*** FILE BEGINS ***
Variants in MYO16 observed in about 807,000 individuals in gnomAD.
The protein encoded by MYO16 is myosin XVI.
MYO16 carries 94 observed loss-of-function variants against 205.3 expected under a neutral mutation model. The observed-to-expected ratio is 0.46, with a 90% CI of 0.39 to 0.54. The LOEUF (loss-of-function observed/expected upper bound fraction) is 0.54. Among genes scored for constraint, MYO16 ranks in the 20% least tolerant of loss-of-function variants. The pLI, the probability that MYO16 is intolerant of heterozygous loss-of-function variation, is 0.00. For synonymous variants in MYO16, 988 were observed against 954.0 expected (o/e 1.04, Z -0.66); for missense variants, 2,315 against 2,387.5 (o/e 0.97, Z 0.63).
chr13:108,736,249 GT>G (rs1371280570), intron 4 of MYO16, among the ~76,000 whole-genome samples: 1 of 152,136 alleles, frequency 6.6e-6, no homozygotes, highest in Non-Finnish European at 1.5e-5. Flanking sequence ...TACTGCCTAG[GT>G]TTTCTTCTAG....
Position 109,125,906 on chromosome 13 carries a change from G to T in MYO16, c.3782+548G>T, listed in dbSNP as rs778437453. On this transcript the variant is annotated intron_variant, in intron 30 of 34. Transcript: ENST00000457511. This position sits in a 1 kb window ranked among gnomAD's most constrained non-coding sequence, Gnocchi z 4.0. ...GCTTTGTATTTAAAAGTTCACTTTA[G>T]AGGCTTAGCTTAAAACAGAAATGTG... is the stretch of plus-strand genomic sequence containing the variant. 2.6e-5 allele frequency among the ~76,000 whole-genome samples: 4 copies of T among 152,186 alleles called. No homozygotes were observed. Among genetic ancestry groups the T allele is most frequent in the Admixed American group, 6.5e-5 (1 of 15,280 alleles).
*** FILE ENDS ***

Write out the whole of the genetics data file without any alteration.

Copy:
Variants in MYO16 observed in about 807,000 individuals in gnomAD.
The protein encoded by MYO16 is myosin XVI.
MYO16 carries 94 observed loss-of-function variants against 205.3 expected under a neutral mutation model. The observed-to-expected ratio is 0.46, with a 90% CI of 0.39 to 0.54. The LOEUF (loss-of-function observed/expected upper bound fraction) is 0.54. Among genes scored for constraint, MYO16 ranks in the 20% least tolerant of loss-of-function variants. The pLI, the probability that MYO16 is intolerant of heterozygous loss-of-function variation, is 0.00. For synonymous variants in MYO16, 988 were observed against 954.0 expected (o/e 1.04, Z -0.66); for missense variants, 2,315 against 2,387.5 (o/e 0.97, Z 0.63).
chr13:108,736,249 GT>G (rs1371280570), intron 4 of MYO16, among the ~76,000 whole-genome samples: 1 of 152,136 alleles, frequency 6.6e-6, no homozygotes, highest in Non-Finnish European at 1.5e-5. Flanking sequence ...TACTGCCTAG[GT>G]TTTCTTCTAG....
Position 109,125,906 on chromosome 13 carries a change from G to T in MYO16, c.3782+548G>T, listed in dbSNP as rs778437453. On this transcript the variant is annotated intron_variant, in intron 30 of 34. Transcript: ENST00000457511. This position sits in a 1 kb window ranked among gnomAD's most constrained non-coding sequence, Gnocchi z 4.0. ...GCTTTGTATTTAAAAGTTCACTTTA[G>T]AGGCTTAGCTTAAAACAGAAATGTG... is the stretch of plus-strand genomic sequence containing the variant. 2.6e-5 allele frequency among the ~76,000 whole-genome samples: 4 copies of T among 152,186 alleles called. No homozygotes were observed. Among genetic ancestry groups the T allele is most frequent in the Admixed American group, 6.5e-5 (1 of 15,280 alleles).